Voter suppression is the big, somewhat neglected, story of the 2016 election, insofar as that phenomenon is what caused Hillary Clinton to lose and Donald Trump to win. And it wasn't just the well-planned and rigorous voter suppression being carried out by Republican-controlled states throughout the nation: photo-IDs, exaggerated myths of the fraudulent individual voters, fewer places and days to vote, etc., but a more insidious sort, a by-product of incessant negative ads and the atmospherics of disenfranchisement.
What the Republicans succeeded doing was to trumpet Hillary Clinton's shortcomings and, more cunningly, they helped raise Donald Trump's negative ratings, too.
Indiana was a test-case for this, given all the attack television advertising aimed at the senate and governor race there. Hard to count all the faults of both the Republican and Democrat candidates viewers were exposed to: Whoever was to be elected was already branded a crook, a criminal, or worse. Unfortunately, most of these ads were accurate, though less so the NRA's.
In the presidential race, the statistic the media most often repeated, either wittingly or unwittingly becoming co-conspirators to suppress the vote, was both Trump's and Clinton's "unfavorable" ratings, higher than any other candidates in history!, commentators crowed.
The general distaste for both Trump and Clinton was promoted relentlessly over the course of the campaign and had its inhibiting effects, both intended and accidental. Hillary Clinton's own weaknesses played into this version of events, as did the outstanding boorishness of Donald Trump. Weirdly, the "high-road" behavior of President Obama and the First Lady drove up the contrast between themselves and the two leading candidates vying for the office.
The result of the 2016 election had a variety of causes, but voter suppression proved crucial. The distribution of the votes echoed the 2000 contested election: It's cities vs. country, college towns vs. rural towns. Hillary Clinton became Al Gore 2, insofar as she won the popular vote. The enthusiasm gap between the contenders reared its head. A lot of people tried to deny it existed. This election may, or may not, be the last hurrah for a couple of generations of white folk. And what to make of the winning vote for Trump? As Jesus purportedly said on the cross while soldiers cast lots and divided up his garments: "Father, forgive them; for they know not what they do."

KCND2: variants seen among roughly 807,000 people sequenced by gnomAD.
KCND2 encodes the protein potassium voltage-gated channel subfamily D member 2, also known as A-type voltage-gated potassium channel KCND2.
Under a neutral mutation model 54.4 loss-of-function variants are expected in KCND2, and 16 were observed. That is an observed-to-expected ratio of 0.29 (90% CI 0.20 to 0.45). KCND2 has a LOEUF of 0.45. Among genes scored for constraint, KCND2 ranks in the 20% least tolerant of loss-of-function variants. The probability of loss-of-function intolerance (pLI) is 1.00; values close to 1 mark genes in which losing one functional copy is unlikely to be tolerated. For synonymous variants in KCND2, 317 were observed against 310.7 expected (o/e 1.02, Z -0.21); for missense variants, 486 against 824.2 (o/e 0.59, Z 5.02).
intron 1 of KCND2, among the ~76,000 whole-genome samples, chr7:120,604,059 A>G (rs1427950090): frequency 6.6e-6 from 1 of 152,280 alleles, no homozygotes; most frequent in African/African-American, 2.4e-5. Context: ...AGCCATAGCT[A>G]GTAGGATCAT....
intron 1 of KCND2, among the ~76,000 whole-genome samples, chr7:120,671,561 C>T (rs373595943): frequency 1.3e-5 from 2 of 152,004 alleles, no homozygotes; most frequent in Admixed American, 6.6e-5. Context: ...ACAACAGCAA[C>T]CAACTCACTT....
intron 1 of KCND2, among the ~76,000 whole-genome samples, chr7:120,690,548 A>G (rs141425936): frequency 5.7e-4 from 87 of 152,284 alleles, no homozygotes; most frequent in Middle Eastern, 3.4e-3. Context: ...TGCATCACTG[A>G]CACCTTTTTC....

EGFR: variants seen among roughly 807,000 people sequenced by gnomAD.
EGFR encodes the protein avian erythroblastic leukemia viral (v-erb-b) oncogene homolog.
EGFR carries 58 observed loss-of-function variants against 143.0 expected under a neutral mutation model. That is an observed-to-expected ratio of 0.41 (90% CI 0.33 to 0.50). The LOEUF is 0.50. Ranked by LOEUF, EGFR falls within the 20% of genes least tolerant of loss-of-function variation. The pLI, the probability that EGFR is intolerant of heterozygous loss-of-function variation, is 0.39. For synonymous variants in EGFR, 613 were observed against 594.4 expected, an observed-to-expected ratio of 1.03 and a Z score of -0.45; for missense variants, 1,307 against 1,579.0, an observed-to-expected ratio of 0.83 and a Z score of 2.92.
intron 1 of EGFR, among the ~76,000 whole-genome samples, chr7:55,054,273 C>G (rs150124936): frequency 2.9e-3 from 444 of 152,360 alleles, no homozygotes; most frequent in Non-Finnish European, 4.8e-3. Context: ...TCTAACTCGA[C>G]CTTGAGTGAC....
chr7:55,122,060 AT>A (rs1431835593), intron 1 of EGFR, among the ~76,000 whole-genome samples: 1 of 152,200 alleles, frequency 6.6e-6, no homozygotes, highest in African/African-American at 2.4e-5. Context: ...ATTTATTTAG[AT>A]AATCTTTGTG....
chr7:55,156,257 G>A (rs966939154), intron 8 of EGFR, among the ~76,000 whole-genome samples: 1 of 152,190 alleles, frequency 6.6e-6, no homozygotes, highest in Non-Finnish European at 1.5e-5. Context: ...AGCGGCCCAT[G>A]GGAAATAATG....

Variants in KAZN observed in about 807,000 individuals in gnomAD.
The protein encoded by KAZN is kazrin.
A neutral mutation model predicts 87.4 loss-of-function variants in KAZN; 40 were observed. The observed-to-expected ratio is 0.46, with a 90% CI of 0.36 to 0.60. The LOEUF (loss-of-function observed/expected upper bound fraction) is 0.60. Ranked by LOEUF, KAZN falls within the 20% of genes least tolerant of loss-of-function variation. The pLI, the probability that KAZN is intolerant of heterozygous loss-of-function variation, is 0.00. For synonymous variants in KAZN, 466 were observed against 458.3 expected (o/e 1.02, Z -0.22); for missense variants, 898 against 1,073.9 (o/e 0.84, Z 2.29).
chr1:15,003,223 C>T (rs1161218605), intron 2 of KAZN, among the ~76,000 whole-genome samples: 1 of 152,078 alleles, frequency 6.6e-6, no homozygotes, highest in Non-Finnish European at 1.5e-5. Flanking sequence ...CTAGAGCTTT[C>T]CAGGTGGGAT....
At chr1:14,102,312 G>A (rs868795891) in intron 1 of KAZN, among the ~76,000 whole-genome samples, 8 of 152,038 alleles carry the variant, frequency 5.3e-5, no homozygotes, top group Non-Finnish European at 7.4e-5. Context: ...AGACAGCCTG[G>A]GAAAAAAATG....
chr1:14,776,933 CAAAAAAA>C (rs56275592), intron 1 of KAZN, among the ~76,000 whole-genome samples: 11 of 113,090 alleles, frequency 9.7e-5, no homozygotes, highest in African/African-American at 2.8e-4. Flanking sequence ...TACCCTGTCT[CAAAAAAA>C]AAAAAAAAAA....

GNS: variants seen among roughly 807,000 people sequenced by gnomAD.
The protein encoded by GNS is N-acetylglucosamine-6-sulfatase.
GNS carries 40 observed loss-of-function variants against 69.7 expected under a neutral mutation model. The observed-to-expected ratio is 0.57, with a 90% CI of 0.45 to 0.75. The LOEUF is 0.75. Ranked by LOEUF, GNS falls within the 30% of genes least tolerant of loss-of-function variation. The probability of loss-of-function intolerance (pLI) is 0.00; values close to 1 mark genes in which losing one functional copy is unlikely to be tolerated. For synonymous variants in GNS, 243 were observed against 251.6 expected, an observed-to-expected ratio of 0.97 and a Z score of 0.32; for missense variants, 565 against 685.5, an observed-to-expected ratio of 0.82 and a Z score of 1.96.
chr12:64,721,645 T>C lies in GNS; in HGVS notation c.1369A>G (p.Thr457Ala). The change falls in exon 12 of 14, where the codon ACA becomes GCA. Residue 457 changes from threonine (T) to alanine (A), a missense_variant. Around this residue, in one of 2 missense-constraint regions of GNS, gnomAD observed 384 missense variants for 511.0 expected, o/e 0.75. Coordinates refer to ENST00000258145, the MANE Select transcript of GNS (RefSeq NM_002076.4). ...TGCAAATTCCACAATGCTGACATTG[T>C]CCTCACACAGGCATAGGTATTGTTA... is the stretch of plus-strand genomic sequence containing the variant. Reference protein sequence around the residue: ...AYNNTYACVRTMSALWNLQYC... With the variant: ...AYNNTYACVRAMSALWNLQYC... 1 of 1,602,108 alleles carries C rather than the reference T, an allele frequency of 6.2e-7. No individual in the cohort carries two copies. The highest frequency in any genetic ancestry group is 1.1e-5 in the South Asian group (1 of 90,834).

Yes, we live in a divided America. But, as Bernie Sanders showed in the primaries, dividing garments and casting lots was in vogue.
But, unlike the Bush vs. Gore 2000 contest, the 2016 campaign itself suppressed the vote. The statistics are now just starting to come out that prove the point. Donald Trump barely received more votes winning than Mitt Romney received losing. That could only happen in an election where the chief attribute was voter suppression.
Americans tend to suppress the vote in any case, since barely half even bother to vote. But, in addition to those tendencies, this time there was a certain sort of not voting that led to the outcome. In Michigan, Michael Moore pointed out on MSNBC after the election, some twenty thousand voters who did vote skipped voting for any candidate for president.
This sort of thing has happened before and I wrote about it in my book on the 1996 presidential campaign. In the race for the senate in New York State in Bill Clinton's first win in 1992 tens of thousands of voters did not vote for anyone for senator in that election. The reason was the Democratic primary had been so cantankerous and ugly that voters, mainly women - that primary was full of women candidates (Geraldine Ferraro, Liz Holtzman) and the eventual winner, Robert Abrams, was wounded by winning - voted for neither candidate. Alfonse D'Amato, the Republican incumbent, won narrowly. Republicans retained the seat because some Democrats felt aggrieved. Sound familiar? See Bernie's boosters.
After that contest, in an autobiography, D'Amato wrote, "A significant number of liberals were so turned off by Abrams that they voted for Clinton and then did not vote in the Senate race at all. I may not have won liberal Ferraro voters, but Abrams lost many of them. As I learned...in a close election every vote and every non-vote counts."
I am sure the non-vote count in the 2016 presidential category will be the largest in modern history. Voter suppression takes all forms and we have just witnessed the pernicious result of its success.